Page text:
The British writer and intellectual C.S. Lewis, a confirmed bachelor, finds love can come late in life, as he befriends and falls in love with the American poet Joy Gresham.
Tall bookcases rise like cathedral spires on the handsome, flexible set, so many and so splendid that we know instantly we are to be exposed to thoughts equally lofty, and that we are in the world of academia. We are thrust into the comfortable, male-dominated world of Oxford in 1956, like visiting a men's club from which women are barred, and this world is dominated by C.S. Lewis with the strength of his personality, his intellectual vigor and his charm. Texas Rep's artistic director, Steven Fenley, plays Lewis, and his commanding, subtle portrayal grabs us by the throat and never lets go.
The power of his performance, coupled with talented supporting actors, creates authenticity and a fascinating glimpse into the life of a renowned novelist and defender of Christianity. Ted Doolittle plays Lewis's brother and housemate, Warnie, and is credible and interesting. Freeman Williams plays Professor Christopher Reilly, a nonbeliever who challenges Lewis's strongly held Christian beliefs, and he is a strong, effective, friendly antagonist. David Walker plays several roles well, and I especially liked him as a wedding registrar. Dave Maldonado, Reid Self and Kristin Lindner are good in supporting roles.
Beth Lazarou portrays poet and intellectual Gresham, with whom Lewis has corresponded but not met, and her intrusion in person clouds the smug camaraderie of the group. Playwright William Nicholson unfortunately has been less skilled in drawing her -- she is sketched rather than etched -- and the direction and performance have not been able to salvage this. Her confrontation with Professor Reilly, intended to reveal her as a worthy opponent, comes off as rude. Her discussion with Lewis after the honeymoon is intended to show her as his intellectual equal, but seems to be merely argumentative. Gresham has a young son, Douglas, a child, played with skill and endearing charm by Will Grant, but the playwright has given us no chance to see her love for her son.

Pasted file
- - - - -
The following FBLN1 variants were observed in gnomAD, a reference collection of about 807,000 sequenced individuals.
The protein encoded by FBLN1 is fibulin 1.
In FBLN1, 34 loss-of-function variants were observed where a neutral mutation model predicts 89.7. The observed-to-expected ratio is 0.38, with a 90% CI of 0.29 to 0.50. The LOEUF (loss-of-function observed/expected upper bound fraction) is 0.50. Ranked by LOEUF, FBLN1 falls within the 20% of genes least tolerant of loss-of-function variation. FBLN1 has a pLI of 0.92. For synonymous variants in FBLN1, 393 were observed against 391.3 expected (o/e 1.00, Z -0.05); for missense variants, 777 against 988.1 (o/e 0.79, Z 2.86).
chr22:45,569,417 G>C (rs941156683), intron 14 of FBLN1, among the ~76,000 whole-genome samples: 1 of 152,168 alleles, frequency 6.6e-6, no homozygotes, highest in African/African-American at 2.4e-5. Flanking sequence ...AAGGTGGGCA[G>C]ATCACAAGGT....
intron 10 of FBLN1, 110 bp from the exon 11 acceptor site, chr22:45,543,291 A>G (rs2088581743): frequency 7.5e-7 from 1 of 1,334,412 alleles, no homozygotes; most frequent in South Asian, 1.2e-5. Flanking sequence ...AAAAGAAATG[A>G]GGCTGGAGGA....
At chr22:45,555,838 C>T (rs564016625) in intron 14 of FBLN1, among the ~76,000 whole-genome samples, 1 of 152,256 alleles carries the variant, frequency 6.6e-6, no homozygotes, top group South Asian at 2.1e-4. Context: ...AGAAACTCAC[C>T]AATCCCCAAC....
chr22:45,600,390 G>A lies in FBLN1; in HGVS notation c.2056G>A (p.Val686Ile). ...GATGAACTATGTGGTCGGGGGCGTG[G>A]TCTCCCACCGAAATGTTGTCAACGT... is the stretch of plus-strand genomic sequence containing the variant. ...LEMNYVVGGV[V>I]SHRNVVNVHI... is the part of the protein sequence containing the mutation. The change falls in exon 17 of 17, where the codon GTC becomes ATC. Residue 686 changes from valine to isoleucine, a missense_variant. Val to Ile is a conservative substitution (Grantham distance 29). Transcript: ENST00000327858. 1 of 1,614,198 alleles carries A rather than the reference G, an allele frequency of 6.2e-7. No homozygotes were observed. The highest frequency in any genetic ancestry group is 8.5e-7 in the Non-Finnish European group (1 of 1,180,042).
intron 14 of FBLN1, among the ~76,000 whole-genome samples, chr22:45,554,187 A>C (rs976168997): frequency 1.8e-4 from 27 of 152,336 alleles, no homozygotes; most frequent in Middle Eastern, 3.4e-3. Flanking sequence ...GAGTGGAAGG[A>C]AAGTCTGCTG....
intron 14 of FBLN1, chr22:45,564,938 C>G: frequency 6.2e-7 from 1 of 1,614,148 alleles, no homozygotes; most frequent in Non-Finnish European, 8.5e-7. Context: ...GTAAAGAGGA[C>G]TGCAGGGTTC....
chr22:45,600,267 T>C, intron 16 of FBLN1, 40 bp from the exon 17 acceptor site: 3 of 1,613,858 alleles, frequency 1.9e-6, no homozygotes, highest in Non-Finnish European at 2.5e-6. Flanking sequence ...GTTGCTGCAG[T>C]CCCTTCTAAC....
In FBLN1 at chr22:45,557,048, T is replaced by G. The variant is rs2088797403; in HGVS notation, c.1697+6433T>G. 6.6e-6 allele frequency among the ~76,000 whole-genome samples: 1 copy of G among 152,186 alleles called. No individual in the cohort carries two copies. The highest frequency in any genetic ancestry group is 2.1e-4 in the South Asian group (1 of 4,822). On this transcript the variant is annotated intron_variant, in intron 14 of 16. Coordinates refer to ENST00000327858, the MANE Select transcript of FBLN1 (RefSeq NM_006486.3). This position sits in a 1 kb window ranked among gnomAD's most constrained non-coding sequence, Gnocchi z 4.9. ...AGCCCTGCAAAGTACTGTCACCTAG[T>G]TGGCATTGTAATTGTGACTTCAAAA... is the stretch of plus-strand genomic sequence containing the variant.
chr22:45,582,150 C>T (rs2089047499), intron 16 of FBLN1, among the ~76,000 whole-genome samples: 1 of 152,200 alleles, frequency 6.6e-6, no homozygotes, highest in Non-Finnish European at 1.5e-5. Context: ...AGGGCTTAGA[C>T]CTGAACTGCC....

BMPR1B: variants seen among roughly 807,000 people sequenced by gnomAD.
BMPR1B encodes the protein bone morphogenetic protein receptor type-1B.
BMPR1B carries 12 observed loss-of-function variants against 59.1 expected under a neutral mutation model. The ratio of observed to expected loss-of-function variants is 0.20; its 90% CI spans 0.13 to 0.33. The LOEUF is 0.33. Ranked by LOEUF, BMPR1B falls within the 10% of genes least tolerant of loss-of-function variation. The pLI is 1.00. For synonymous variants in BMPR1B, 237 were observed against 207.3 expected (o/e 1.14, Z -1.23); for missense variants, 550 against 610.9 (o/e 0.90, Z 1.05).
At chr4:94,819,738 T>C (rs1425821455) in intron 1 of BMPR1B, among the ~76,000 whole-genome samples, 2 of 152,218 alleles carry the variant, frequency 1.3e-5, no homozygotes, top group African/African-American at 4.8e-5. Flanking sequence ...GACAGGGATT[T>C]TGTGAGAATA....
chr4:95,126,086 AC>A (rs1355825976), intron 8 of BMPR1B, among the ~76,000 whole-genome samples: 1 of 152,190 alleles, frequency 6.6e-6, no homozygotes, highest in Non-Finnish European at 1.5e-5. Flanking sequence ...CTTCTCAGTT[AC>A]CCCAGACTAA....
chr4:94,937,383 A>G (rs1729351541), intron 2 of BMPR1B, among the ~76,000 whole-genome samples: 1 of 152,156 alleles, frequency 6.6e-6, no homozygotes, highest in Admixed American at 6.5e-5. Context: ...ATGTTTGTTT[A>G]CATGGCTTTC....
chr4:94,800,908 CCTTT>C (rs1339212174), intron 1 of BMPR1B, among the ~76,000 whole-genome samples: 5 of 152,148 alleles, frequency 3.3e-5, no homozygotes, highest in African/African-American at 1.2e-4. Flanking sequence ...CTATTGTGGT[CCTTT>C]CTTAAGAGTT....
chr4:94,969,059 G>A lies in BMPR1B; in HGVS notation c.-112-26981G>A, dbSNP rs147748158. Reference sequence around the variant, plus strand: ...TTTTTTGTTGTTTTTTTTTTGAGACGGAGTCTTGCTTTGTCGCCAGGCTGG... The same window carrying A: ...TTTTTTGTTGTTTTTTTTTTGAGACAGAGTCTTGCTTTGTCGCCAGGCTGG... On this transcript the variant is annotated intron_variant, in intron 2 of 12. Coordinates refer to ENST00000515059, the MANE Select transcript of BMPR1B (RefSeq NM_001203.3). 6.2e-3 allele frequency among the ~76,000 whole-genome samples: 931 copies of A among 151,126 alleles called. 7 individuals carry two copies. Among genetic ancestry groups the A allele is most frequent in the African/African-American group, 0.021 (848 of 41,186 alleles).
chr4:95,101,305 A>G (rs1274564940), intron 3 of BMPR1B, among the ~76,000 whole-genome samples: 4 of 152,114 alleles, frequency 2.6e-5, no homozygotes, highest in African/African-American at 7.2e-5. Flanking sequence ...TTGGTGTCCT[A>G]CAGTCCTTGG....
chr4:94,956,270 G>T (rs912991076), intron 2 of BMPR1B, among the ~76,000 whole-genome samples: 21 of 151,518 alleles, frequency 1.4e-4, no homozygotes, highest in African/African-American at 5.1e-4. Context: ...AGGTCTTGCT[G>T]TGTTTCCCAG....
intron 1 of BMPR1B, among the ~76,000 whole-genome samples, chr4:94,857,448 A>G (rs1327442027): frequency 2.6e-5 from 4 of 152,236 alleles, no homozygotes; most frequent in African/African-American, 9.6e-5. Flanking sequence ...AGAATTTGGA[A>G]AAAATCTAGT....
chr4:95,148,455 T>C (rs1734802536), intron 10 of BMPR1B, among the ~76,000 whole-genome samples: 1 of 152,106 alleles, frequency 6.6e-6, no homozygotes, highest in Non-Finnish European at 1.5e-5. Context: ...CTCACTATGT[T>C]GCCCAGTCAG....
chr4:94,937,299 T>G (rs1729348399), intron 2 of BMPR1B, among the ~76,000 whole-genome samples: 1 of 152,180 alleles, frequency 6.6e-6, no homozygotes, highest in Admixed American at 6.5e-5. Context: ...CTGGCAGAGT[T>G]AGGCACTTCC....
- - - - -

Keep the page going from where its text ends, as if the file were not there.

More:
While we are convinced of Lewis's deep love for her, we are not shown her love for Lewis -- if, indeed, that exists, for it's possible to see this as a one-sided love, with Joy simply an opportunist gulling an emotionally starved academic. Perhaps the coterie of friends was right in distrusting her. With the script shortchanging Joy, the actor must provide the warmth and charisma to bring her to radiant life, and Lazarou, though polished and attractive, doesn't rise to this level.
Lewis's struggle to reconcile God with the evils of the world is not much more than sophomoric -- theology-lite -- and a strong visual moment showing the power of magic undermines it further. But none of the flaws in the writing vitiate the sheer emotional power of this superb production, and the performances which enhance it. The set by Trey Otis is wonderful and permits smooth transitions, the costumes by Macy Perrone are authentically shabby, with mismatched jacket and trousers, and the lighting design by Daniel Polk is both subtle and appropriately persuasive. Rachel Mattox directs with the eye and pace of a true professional.
A compelling, nuanced performance by Steven Fenley, a gifted cast and an impressive production overcome minor script flaws to create enthralling theater with emotional power, making this both pleasurable and important -- a must-see event.
Shadowlands continues through February 19 at Texas Repertory Theatre, 14243 Stuebner Airline Road. For information or ticketing, please call 281-583-7573 or contact www.texreptheatre.org.
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